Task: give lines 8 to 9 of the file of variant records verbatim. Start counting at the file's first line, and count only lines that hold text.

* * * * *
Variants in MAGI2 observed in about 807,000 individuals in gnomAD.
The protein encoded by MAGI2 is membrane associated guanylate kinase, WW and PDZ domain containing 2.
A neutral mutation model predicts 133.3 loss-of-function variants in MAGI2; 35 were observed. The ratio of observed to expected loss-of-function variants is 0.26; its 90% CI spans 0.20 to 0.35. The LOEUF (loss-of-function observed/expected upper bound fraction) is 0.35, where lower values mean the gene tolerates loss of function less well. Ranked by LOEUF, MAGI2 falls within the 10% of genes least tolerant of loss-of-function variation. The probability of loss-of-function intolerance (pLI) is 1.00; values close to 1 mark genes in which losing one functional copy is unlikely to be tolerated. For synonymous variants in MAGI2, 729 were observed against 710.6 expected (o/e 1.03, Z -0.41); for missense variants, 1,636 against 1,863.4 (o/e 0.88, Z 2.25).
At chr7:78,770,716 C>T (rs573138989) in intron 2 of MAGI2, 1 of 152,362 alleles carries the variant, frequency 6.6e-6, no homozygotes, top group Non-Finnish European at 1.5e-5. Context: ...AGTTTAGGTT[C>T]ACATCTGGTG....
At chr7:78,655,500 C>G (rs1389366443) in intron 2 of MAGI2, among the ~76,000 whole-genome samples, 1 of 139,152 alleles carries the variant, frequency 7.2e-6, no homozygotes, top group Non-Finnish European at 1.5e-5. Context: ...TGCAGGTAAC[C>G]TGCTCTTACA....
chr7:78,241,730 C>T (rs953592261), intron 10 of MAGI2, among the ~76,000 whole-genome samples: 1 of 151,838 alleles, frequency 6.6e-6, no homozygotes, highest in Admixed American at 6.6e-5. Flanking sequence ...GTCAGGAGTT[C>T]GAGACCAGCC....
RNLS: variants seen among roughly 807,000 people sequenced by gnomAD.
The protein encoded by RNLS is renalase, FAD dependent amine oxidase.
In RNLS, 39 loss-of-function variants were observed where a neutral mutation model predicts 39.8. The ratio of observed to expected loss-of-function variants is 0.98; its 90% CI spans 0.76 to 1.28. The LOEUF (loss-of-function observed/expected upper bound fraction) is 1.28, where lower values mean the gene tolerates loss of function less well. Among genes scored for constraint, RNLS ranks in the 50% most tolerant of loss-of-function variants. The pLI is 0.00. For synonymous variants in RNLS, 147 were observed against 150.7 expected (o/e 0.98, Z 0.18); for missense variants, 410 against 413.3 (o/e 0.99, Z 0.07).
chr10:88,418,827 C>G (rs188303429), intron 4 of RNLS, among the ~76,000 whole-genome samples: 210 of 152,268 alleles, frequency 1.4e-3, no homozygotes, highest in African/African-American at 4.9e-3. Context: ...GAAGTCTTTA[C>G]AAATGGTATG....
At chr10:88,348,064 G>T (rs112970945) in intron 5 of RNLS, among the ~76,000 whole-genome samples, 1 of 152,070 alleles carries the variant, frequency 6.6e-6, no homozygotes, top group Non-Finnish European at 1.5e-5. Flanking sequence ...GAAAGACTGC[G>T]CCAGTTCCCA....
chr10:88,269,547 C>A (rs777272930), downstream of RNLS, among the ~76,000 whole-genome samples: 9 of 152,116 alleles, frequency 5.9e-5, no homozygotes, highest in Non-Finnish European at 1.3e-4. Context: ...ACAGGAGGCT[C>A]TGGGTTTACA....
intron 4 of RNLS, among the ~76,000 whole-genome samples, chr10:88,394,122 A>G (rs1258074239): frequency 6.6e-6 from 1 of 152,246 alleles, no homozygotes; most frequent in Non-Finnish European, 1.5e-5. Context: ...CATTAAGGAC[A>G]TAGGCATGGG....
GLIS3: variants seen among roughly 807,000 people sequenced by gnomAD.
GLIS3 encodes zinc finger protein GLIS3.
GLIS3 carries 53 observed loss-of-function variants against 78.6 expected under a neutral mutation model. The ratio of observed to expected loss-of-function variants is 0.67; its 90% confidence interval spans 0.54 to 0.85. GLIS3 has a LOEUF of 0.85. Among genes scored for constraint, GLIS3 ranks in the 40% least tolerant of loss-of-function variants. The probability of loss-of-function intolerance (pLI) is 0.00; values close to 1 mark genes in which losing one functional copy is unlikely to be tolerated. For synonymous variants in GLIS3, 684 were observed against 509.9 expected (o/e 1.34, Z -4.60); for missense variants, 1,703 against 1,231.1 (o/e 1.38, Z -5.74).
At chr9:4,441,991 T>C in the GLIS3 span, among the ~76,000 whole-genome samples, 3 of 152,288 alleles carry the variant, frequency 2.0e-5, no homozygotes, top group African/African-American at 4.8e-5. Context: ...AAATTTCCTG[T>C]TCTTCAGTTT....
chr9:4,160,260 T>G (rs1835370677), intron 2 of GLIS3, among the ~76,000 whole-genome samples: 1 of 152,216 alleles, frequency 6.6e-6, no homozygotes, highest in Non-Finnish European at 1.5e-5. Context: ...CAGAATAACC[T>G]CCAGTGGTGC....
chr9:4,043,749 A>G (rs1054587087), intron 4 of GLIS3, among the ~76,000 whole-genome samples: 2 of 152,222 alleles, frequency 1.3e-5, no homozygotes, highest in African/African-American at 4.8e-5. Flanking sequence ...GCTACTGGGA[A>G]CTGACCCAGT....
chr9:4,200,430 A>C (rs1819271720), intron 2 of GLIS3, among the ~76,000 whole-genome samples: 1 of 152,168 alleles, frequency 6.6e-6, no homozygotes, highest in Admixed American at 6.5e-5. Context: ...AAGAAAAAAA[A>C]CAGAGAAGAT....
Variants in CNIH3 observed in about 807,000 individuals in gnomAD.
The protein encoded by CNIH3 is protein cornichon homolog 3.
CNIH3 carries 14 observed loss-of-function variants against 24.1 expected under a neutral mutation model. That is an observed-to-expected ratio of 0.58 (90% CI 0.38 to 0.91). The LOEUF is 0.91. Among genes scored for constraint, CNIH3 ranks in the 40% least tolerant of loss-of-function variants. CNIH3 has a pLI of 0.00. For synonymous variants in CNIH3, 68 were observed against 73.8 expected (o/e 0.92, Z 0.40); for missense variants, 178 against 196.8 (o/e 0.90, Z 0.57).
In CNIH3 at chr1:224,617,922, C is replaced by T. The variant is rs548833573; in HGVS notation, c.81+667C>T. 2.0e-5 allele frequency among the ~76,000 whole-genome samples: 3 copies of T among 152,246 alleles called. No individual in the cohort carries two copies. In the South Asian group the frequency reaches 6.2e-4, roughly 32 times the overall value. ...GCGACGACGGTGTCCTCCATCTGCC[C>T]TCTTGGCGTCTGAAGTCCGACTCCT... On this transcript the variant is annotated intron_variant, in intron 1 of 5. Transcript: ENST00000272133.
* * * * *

The protein encoded by RNLS is renalase, FAD dependent amine oxidase.
In RNLS, 39 loss-of-function variants were observed where a neutral mutation model predicts 39.8. The ratio of observed to expected loss-of-function variants is 0.98; its 90% CI spans 0.76 to 1.28. The LOEUF (loss-of-function observed/expected upper bound fraction) is 1.28, where lower values mean the gene tolerates loss of function less well. Among genes scored for constraint, RNLS ranks in the 50% most tolerant of loss-of-function variants. The pLI is 0.00. For synonymous variants in RNLS, 147 were observed against 150.7 expected (o/e 0.98, Z 0.18); for missense variants, 410 against 413.3 (o/e 0.99, Z 0.07).